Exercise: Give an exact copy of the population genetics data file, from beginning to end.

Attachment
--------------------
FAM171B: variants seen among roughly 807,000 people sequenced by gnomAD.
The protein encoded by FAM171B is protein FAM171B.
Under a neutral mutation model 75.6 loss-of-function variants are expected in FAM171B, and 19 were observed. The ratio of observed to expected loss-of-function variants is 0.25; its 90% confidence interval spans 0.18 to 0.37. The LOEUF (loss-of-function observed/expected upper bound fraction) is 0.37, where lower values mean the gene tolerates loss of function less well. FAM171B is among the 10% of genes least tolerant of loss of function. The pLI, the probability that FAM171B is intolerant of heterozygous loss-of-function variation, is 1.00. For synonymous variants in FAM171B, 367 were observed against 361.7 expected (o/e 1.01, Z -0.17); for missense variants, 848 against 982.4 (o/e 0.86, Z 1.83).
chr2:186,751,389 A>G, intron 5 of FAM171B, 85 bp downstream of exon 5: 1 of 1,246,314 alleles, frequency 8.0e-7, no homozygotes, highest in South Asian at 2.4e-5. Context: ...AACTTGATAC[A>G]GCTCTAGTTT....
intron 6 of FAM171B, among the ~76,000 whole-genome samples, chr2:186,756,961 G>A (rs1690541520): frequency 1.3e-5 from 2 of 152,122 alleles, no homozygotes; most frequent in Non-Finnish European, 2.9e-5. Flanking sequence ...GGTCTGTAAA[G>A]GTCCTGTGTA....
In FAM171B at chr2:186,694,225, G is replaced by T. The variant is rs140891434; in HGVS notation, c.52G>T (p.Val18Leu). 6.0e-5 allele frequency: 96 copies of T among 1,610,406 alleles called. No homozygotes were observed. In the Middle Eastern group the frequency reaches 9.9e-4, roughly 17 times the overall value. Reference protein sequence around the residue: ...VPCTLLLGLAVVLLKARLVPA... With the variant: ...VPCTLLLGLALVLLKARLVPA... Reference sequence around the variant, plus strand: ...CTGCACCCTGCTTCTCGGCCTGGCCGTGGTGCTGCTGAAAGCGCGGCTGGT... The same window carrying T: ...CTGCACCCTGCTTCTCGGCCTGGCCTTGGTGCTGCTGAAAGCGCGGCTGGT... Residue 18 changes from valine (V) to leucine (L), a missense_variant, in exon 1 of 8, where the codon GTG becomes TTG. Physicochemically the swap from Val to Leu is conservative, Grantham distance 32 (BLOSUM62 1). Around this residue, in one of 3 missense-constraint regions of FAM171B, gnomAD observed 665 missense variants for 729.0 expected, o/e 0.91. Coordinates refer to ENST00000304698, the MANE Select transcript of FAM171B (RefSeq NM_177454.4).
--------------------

FAM171B: variants seen among roughly 807,000 people sequenced by gnomAD.
The protein encoded by FAM171B is protein FAM171B.
Under a neutral mutation model 75.6 loss-of-function variants are expected in FAM171B, and 19 were observed. The ratio of observed to expected loss-of-function variants is 0.25; its 90% confidence interval spans 0.18 to 0.37. The LOEUF (loss-of-function observed/expected upper bound fraction) is 0.37, where lower values mean the gene tolerates loss of function less well. FAM171B is among the 10% of genes least tolerant of loss of function. The pLI, the probability that FAM171B is intolerant of heterozygous loss-of-function variation, is 1.00. For synonymous variants in FAM171B, 367 were observed against 361.7 expected (o/e 1.01, Z -0.17); for missense variants, 848 against 982.4 (o/e 0.86, Z 1.83).
chr2:186,751,389 A>G, intron 5 of FAM171B, 85 bp downstream of exon 5: 1 of 1,246,314 alleles, frequency 8.0e-7, no homozygotes, highest in South Asian at 2.4e-5. Context: ...AACTTGATAC[A>G]GCTCTAGTTT....
intron 6 of FAM171B, among the ~76,000 whole-genome samples, chr2:186,756,961 G>A (rs1690541520): frequency 1.3e-5 from 2 of 152,122 alleles, no homozygotes; most frequent in Non-Finnish European, 2.9e-5. Flanking sequence ...GGTCTGTAAA[G>A]GTCCTGTGTA....
In FAM171B at chr2:186,694,225, G is replaced by T. The variant is rs140891434; in HGVS notation, c.52G>T (p.Val18Leu). 6.0e-5 allele frequency: 96 copies of T among 1,610,406 alleles called. No homozygotes were observed. In the Middle Eastern group the frequency reaches 9.9e-4, roughly 17 times the overall value. Reference protein sequence around the residue: ...VPCTLLLGLAVVLLKARLVPA... With the variant: ...VPCTLLLGLALVLLKARLVPA... Reference sequence around the variant, plus strand: ...CTGCACCCTGCTTCTCGGCCTGGCCGTGGTGCTGCTGAAAGCGCGGCTGGT... The same window carrying T: ...CTGCACCCTGCTTCTCGGCCTGGCCTTGGTGCTGCTGAAAGCGCGGCTGGT... Residue 18 changes from valine (V) to leucine (L), a missense_variant, in exon 1 of 8, where the codon GTG becomes TTG. Physicochemically the swap from Val to Leu is conservative, Grantham distance 32 (BLOSUM62 1). Around this residue, in one of 3 missense-constraint regions of FAM171B, gnomAD observed 665 missense variants for 729.0 expected, o/e 0.91. Coordinates refer to ENST00000304698, the MANE Select transcript of FAM171B (RefSeq NM_177454.4).